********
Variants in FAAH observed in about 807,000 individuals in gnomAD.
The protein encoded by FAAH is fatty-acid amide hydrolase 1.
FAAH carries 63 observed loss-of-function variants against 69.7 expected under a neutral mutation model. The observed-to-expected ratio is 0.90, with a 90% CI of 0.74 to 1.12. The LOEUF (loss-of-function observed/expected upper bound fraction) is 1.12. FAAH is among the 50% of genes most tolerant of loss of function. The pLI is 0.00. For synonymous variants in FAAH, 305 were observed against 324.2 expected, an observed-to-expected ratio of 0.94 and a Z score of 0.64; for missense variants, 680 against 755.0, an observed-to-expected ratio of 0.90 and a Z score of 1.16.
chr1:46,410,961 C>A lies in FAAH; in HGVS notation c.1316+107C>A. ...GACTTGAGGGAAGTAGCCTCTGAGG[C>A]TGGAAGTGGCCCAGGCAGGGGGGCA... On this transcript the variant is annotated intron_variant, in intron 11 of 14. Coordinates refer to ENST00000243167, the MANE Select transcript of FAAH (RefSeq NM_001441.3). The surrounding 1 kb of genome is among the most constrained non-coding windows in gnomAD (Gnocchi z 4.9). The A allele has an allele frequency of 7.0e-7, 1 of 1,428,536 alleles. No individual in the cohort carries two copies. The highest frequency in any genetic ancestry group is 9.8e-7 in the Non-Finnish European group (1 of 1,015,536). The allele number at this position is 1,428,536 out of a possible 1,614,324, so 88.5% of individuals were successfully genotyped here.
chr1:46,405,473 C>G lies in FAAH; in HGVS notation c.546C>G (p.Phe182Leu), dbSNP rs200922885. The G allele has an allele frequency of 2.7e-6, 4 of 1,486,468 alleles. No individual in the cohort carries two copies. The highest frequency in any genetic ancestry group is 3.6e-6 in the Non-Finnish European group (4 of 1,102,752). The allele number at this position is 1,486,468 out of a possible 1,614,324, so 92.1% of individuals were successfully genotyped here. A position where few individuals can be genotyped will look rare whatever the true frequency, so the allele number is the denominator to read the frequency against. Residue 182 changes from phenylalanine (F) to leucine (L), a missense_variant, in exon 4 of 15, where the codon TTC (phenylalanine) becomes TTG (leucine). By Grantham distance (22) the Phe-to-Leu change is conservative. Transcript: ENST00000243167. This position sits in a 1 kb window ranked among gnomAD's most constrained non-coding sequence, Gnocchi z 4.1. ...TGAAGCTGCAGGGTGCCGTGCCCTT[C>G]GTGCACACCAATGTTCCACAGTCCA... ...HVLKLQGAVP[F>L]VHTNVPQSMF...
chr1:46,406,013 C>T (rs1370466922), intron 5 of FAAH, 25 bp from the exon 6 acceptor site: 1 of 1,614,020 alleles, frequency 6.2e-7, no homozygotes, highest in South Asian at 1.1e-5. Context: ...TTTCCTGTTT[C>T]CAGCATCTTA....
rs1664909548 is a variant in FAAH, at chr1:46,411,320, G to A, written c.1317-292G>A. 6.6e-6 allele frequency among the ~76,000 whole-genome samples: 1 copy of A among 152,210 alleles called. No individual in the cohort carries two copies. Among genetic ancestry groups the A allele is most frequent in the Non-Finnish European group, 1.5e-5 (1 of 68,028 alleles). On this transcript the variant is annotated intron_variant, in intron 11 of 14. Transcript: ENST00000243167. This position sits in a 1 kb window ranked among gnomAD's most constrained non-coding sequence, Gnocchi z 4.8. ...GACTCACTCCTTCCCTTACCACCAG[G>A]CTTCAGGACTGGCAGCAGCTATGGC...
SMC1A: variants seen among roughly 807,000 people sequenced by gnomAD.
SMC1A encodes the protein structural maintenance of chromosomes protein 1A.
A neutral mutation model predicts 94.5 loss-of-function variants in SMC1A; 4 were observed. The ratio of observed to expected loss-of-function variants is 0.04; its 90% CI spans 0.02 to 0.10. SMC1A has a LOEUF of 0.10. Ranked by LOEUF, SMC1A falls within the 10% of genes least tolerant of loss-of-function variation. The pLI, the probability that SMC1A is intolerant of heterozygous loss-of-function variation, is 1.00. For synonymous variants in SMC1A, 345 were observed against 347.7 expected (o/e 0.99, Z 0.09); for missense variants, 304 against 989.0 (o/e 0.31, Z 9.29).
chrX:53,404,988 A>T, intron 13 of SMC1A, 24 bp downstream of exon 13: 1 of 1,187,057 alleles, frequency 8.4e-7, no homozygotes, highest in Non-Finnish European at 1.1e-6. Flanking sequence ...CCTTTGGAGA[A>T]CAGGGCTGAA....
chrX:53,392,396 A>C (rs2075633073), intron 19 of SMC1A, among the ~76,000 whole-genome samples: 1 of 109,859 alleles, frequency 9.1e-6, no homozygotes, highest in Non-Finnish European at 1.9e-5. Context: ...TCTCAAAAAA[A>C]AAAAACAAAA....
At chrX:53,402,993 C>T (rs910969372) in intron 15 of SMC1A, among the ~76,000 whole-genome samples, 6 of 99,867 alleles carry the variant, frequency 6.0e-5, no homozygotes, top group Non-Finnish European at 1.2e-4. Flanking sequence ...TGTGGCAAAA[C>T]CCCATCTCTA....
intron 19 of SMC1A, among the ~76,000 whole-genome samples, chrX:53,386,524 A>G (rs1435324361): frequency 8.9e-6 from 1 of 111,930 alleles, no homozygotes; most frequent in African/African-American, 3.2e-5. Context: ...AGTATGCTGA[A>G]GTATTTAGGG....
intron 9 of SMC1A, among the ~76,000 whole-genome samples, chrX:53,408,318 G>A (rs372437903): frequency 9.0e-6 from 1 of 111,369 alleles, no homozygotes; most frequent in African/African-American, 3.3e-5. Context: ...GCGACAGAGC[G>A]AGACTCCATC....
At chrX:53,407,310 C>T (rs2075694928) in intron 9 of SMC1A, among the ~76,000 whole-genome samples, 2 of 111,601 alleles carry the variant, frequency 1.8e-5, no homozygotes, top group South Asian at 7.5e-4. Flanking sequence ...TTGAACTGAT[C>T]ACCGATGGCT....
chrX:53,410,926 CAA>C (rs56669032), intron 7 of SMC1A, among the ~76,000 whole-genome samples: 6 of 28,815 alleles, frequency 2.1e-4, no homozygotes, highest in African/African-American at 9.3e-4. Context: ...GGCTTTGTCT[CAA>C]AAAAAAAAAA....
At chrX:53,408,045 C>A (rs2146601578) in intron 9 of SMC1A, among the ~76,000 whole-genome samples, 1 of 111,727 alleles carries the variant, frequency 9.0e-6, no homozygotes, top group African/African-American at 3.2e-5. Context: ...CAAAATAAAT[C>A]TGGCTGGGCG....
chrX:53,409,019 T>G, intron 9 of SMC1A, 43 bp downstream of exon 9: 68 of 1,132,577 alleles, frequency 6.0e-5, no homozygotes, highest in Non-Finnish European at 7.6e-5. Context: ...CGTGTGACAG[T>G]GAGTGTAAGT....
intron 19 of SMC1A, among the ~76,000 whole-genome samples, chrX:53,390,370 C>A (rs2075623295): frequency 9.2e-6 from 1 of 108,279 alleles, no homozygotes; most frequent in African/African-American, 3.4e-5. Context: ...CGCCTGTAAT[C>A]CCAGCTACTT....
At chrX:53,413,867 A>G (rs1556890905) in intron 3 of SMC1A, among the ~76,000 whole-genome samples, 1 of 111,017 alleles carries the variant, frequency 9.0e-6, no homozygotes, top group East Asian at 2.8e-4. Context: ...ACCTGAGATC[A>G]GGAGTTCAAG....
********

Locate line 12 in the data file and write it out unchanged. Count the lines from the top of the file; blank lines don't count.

chrX:53,392,396 A>C (rs2075633073), intron 19 of SMC1A, among the ~76,000 whole-genome samples: 1 of 109,859 alleles, frequency 9.1e-6, no homozygotes, highest in Non-Finnish European at 1.9e-5. Context: ...TCTCAAAAAA[A>C]AAAAACAAAA....